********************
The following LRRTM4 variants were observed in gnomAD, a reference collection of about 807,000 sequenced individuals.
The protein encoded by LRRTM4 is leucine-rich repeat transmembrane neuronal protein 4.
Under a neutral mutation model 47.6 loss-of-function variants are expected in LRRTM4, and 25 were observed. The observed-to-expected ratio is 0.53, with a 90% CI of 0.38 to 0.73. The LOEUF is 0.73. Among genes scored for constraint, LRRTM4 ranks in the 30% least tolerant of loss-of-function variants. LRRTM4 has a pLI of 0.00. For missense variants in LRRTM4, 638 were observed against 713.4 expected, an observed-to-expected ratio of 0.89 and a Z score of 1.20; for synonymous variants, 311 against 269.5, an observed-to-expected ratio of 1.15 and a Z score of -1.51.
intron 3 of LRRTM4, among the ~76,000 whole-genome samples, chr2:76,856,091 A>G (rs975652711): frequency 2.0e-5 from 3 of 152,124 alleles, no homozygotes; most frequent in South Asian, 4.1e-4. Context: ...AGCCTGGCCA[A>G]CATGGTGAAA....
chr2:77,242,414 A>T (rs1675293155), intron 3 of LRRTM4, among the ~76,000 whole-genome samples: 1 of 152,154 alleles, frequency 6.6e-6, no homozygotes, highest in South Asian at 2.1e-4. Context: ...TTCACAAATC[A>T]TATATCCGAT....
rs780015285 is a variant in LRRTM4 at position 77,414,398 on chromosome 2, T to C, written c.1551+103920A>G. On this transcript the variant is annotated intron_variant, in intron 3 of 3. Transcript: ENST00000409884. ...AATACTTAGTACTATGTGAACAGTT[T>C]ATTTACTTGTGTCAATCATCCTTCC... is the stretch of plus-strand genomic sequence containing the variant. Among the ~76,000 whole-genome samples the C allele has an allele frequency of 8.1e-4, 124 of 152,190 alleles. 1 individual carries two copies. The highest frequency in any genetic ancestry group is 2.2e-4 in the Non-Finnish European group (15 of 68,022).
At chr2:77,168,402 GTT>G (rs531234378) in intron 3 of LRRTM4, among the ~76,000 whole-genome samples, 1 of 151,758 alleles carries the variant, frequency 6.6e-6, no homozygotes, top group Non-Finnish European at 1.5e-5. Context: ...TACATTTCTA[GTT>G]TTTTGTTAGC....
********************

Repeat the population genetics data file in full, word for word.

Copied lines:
The following LRRTM4 variants were observed in gnomAD, a reference collection of about 807,000 sequenced individuals.
The protein encoded by LRRTM4 is leucine-rich repeat transmembrane neuronal protein 4.
Under a neutral mutation model 47.6 loss-of-function variants are expected in LRRTM4, and 25 were observed. The observed-to-expected ratio is 0.53, with a 90% CI of 0.38 to 0.73. The LOEUF is 0.73. Among genes scored for constraint, LRRTM4 ranks in the 30% least tolerant of loss-of-function variants. LRRTM4 has a pLI of 0.00. For missense variants in LRRTM4, 638 were observed against 713.4 expected, an observed-to-expected ratio of 0.89 and a Z score of 1.20; for synonymous variants, 311 against 269.5, an observed-to-expected ratio of 1.15 and a Z score of -1.51.
intron 3 of LRRTM4, among the ~76,000 whole-genome samples, chr2:76,856,091 A>G (rs975652711): frequency 2.0e-5 from 3 of 152,124 alleles, no homozygotes; most frequent in South Asian, 4.1e-4. Context: ...AGCCTGGCCA[A>G]CATGGTGAAA....
chr2:77,242,414 A>T (rs1675293155), intron 3 of LRRTM4, among the ~76,000 whole-genome samples: 1 of 152,154 alleles, frequency 6.6e-6, no homozygotes, highest in South Asian at 2.1e-4. Context: ...TTCACAAATC[A>T]TATATCCGAT....
rs780015285 is a variant in LRRTM4 at position 77,414,398 on chromosome 2, T to C, written c.1551+103920A>G. On this transcript the variant is annotated intron_variant, in intron 3 of 3. Transcript: ENST00000409884. ...AATACTTAGTACTATGTGAACAGTT[T>C]ATTTACTTGTGTCAATCATCCTTCC... is the stretch of plus-strand genomic sequence containing the variant. Among the ~76,000 whole-genome samples the C allele has an allele frequency of 8.1e-4, 124 of 152,190 alleles. 1 individual carries two copies. The highest frequency in any genetic ancestry group is 2.2e-4 in the Non-Finnish European group (15 of 68,022).
At chr2:77,168,402 GTT>G (rs531234378) in intron 3 of LRRTM4, among the ~76,000 whole-genome samples, 1 of 151,758 alleles carries the variant, frequency 6.6e-6, no homozygotes, top group Non-Finnish European at 1.5e-5. Context: ...TACATTTCTA[GTT>G]TTTTGTTAGC....